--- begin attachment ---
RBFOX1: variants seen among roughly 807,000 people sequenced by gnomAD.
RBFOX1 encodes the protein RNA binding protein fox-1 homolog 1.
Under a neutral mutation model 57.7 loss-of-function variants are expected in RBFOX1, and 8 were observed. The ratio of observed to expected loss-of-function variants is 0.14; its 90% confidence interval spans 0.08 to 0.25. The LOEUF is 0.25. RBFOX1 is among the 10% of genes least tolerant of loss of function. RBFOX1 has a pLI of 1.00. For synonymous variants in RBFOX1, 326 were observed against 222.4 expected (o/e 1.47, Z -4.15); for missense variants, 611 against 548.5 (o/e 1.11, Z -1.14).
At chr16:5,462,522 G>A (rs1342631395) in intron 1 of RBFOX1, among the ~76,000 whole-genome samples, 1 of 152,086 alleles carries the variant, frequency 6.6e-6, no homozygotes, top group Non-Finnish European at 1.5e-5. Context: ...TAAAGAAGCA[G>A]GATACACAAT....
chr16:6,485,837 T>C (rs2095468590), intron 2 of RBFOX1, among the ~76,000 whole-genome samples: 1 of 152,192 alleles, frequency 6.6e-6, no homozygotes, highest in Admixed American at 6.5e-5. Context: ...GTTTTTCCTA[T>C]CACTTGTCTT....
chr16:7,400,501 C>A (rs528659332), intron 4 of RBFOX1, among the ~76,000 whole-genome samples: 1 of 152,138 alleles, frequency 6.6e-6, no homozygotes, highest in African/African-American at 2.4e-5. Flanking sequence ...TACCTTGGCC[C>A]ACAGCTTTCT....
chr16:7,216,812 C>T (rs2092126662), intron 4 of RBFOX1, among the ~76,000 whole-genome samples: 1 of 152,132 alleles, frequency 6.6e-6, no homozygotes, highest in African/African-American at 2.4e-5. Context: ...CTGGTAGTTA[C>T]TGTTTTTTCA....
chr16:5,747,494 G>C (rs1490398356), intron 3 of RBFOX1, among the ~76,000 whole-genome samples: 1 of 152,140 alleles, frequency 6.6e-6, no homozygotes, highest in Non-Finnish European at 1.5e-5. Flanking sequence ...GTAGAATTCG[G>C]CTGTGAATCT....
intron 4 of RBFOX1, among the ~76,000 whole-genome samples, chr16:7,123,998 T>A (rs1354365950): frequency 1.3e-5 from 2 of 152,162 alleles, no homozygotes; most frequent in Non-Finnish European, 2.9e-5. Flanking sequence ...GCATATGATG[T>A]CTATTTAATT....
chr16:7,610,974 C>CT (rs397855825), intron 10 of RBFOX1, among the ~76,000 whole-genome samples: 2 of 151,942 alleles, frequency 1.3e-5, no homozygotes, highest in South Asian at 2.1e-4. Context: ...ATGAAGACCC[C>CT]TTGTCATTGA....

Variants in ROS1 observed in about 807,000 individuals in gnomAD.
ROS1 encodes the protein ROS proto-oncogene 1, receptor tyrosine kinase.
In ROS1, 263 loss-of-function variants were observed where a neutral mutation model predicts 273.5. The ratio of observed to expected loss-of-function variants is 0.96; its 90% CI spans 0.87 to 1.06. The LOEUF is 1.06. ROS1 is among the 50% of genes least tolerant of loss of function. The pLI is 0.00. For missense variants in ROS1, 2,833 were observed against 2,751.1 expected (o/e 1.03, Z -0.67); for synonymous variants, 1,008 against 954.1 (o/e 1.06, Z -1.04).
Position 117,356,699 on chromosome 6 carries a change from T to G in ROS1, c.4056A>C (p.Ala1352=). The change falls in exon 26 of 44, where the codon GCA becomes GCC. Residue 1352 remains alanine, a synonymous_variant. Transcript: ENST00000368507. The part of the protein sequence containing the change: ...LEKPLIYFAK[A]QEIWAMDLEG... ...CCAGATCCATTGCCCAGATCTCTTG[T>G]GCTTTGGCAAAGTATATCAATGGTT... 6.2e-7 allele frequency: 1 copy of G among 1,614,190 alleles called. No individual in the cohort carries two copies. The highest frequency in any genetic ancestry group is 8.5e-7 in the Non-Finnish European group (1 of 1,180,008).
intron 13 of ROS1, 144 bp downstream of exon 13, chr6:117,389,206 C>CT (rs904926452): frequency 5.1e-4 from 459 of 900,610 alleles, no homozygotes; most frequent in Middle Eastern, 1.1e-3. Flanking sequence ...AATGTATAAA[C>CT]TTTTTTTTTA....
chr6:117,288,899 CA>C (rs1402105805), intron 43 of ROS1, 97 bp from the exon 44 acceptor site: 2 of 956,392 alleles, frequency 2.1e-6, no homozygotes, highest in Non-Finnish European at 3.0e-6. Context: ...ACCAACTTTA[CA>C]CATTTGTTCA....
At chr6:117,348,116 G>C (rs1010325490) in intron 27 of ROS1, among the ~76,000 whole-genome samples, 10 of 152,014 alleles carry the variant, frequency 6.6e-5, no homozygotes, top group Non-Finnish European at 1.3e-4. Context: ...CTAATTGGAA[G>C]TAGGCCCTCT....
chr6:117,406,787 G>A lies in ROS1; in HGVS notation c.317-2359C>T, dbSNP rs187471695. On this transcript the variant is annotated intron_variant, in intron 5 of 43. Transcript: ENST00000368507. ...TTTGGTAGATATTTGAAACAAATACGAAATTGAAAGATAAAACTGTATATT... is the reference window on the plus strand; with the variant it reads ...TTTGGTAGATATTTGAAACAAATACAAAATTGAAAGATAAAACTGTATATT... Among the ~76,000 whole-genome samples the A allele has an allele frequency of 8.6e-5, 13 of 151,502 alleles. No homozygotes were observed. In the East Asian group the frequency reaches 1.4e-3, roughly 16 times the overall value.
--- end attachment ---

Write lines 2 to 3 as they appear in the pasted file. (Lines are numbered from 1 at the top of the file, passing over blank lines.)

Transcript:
RBFOX1 encodes the protein RNA binding protein fox-1 homolog 1.
Under a neutral mutation model 57.7 loss-of-function variants are expected in RBFOX1, and 8 were observed. The ratio of observed to expected loss-of-function variants is 0.14; its 90% confidence interval spans 0.08 to 0.25. The LOEUF is 0.25. RBFOX1 is among the 10% of genes least tolerant of loss of function. RBFOX1 has a pLI of 1.00. For synonymous variants in RBFOX1, 326 were observed against 222.4 expected (o/e 1.47, Z -4.15); for missense variants, 611 against 548.5 (o/e 1.11, Z -1.14).